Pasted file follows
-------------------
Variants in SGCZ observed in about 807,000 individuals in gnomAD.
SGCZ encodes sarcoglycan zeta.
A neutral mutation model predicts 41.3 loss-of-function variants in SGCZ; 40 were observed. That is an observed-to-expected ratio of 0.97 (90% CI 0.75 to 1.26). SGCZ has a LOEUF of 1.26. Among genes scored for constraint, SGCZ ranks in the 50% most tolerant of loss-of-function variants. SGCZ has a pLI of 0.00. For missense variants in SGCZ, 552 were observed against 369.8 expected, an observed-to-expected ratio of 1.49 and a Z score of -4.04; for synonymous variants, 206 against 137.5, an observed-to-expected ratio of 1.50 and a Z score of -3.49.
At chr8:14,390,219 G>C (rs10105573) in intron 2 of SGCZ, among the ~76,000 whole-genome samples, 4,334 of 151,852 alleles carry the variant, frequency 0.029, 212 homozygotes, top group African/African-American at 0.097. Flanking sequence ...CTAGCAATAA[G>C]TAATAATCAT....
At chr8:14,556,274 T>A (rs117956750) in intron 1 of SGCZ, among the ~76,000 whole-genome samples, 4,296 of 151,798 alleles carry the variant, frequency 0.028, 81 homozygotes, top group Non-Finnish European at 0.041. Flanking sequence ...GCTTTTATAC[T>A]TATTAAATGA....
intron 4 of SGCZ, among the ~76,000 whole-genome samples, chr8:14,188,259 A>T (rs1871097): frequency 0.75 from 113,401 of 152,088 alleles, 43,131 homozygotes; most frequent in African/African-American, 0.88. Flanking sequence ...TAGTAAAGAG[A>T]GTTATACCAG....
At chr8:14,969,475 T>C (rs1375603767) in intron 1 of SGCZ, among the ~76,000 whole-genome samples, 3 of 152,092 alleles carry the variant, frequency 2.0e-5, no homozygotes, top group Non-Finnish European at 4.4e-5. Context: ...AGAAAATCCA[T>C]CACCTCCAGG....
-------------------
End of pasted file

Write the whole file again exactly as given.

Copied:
Variants in SGCZ observed in about 807,000 individuals in gnomAD.
SGCZ encodes sarcoglycan zeta.
A neutral mutation model predicts 41.3 loss-of-function variants in SGCZ; 40 were observed. That is an observed-to-expected ratio of 0.97 (90% CI 0.75 to 1.26). SGCZ has a LOEUF of 1.26. Among genes scored for constraint, SGCZ ranks in the 50% most tolerant of loss-of-function variants. SGCZ has a pLI of 0.00. For missense variants in SGCZ, 552 were observed against 369.8 expected, an observed-to-expected ratio of 1.49 and a Z score of -4.04; for synonymous variants, 206 against 137.5, an observed-to-expected ratio of 1.50 and a Z score of -3.49.
At chr8:14,390,219 G>C (rs10105573) in intron 2 of SGCZ, among the ~76,000 whole-genome samples, 4,334 of 151,852 alleles carry the variant, frequency 0.029, 212 homozygotes, top group African/African-American at 0.097. Flanking sequence ...CTAGCAATAA[G>C]TAATAATCAT....
At chr8:14,556,274 T>A (rs117956750) in intron 1 of SGCZ, among the ~76,000 whole-genome samples, 4,296 of 151,798 alleles carry the variant, frequency 0.028, 81 homozygotes, top group Non-Finnish European at 0.041. Flanking sequence ...GCTTTTATAC[T>A]TATTAAATGA....
intron 4 of SGCZ, among the ~76,000 whole-genome samples, chr8:14,188,259 A>T (rs1871097): frequency 0.75 from 113,401 of 152,088 alleles, 43,131 homozygotes; most frequent in African/African-American, 0.88. Flanking sequence ...TAGTAAAGAG[A>T]GTTATACCAG....
At chr8:14,969,475 T>C (rs1375603767) in intron 1 of SGCZ, among the ~76,000 whole-genome samples, 3 of 152,092 alleles carry the variant, frequency 2.0e-5, no homozygotes, top group Non-Finnish European at 4.4e-5. Context: ...AGAAAATCCA[T>C]CACCTCCAGG....